Literary Criticism: Marxism in details- Althusser’s Ideology


Louis Althusser (1918-1990), French philosopher, is best known for his contributions to the debate over the origins and development of the theories of German philosopher Karl Marx. Althusser viewed Marx’s writings as having two distinct stages: an early humanistic or ideological period and a later scientific phase that culminated in the publication of DasKapital (1867; Capital, 1907-1909). Between these two stages, Althusser postulated the existence of what he called an epistemological break. With this term, he intended to show that developments in science do not emerge from gradual, piecemeal change, but are instead the result of sudden dislocations in knowledge where the entire framework of a theory is replaced.


Althusser’s most important innovation was his rejection of the Marxian doctrine of strict economic determinism: the assertion that the economic system by which goods are produced determines the organization of society and therefore a society’s political and intellectual history. Marx further stated that this history invariably comprises struggles between the ruling class and the oppressed classes. Through his idea of relative autonomy, Althusser asserted that it was possible to study politics, law, and philosophy as activities independent of economic production. The result was the introduction of a more complex model of historical change into the Marxian scheme.

Althusser’s most controversial idea was that Marxism was not a moral philosophy concerned with the alienation of humankind under capitalism and its possible redemption under socialism, but rather that Marxism was a science and an “antihumanism.” The result of Althusser’s work, which was criticized by traditional Marxists, was to make Marxism seem less like a revolutionary program aimed at the liberation of humankind and more like a purely theoretical doctrine concerned with the conditions of scientific knowledge.




The view that the base determines the cultural superstructure is not seen by all because there are forces at work that prevent us from seeing that, for instance the liberal humanist view that we are essentially free. It is here that ideology works and makes us experience life in a certain way and also at the same time makes us believe that that way of seeing the world is natural. The French Marxist philosopher says that ideology works through ideological state apparatuses, which although they may have their own sub-ideology are all subjected to the ruling ideology. Althusser’s ideological state apparatuses include organized religion, the law, the political system, the educational system, in short all the institutions through which we are socialized. So, everything is pervaded by ideology. And while we believe we are acting out of our free will, we are in reality ‘acted by the system’. Drawing on French psychoanalyst Jacques Lacan, Althusser says that the processes we go through when we grow up leave us forever incomplete. Aware of that deep lack and yearning for completion, we turn to ideology because it constantly ‘interpellates’ or addresses us as concrete subjects. It convinces us that we are whole and real and so we see what ideology makes us see, as belonging to the natural, harmonious order of things. Ideology makes us believe we are free agents and in that way makes us complicit in our own delusion.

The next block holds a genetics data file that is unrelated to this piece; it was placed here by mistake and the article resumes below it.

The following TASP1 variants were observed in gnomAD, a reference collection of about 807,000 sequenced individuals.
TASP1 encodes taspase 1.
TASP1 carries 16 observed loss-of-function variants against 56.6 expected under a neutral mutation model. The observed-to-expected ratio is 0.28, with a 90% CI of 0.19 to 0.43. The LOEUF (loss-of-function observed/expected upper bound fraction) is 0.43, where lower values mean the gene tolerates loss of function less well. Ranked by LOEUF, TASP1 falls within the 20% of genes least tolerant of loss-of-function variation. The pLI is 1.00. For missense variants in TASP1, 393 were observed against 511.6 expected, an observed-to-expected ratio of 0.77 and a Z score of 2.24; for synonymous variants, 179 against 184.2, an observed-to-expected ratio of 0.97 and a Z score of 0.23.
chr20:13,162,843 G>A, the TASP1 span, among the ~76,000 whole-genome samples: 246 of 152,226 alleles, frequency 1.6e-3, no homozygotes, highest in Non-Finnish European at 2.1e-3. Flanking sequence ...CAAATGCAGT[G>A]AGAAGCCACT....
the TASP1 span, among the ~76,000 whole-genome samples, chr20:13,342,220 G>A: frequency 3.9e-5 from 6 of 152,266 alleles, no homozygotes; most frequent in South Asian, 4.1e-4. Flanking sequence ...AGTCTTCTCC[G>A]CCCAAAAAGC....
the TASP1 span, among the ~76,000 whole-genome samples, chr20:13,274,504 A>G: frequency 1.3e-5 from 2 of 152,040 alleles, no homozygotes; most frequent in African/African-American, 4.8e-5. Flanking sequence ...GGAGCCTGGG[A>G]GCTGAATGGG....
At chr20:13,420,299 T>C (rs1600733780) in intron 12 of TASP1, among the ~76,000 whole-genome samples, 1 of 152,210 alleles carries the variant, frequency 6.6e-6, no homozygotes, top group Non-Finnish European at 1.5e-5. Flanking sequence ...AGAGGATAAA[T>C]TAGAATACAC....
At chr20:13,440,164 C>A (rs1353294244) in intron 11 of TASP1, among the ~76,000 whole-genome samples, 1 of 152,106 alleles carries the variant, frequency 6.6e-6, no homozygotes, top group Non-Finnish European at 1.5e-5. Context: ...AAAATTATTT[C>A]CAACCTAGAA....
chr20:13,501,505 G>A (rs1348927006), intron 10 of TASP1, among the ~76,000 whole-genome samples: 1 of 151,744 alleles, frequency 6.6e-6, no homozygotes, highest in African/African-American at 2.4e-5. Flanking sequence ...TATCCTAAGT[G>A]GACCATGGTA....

Comments

  1. Respected Sir,

    I had enrolled with Brilliant Tutorials for NET but they are yet to send me the English paper II and III study materials. I have heard that they are on the verge of putting their shutters down, so it seems that I have to prepare all by myself. I have selected 'Literary Theory' and 'English Language Teaching' as my electives for Paper III. I'll be really grateful if you suggest names of comprehensive books for English Paper II and III as soon as possible as the exam is only four months away. Are there any question banks, published by UGC, available in the market? I have also heard that Paper III will become objective from June 2012...has it been confirmed by UGC because their website is still displaying the old structure. I'll also be obliged if you let me know the names of authentic Bengali TET books for SSC available in the market.

    Regards.

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  2. It's a God's gift that students like me have got a great teacher like you. Actually I am now fully depended on you. Sir, please post some critical issues from Kipling's "Kim". There is not much books on this topic available in market.
    Thanking you
    Arindam Das, Midnapore

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An English Teacher;    M. A.(English) , D. Ed., B. Ed., UGC- NET Qualified

"Dear Readers/ Students, I am a huge fan of books, English Grammar & Literature. I write this blog to instill that passion in you." 

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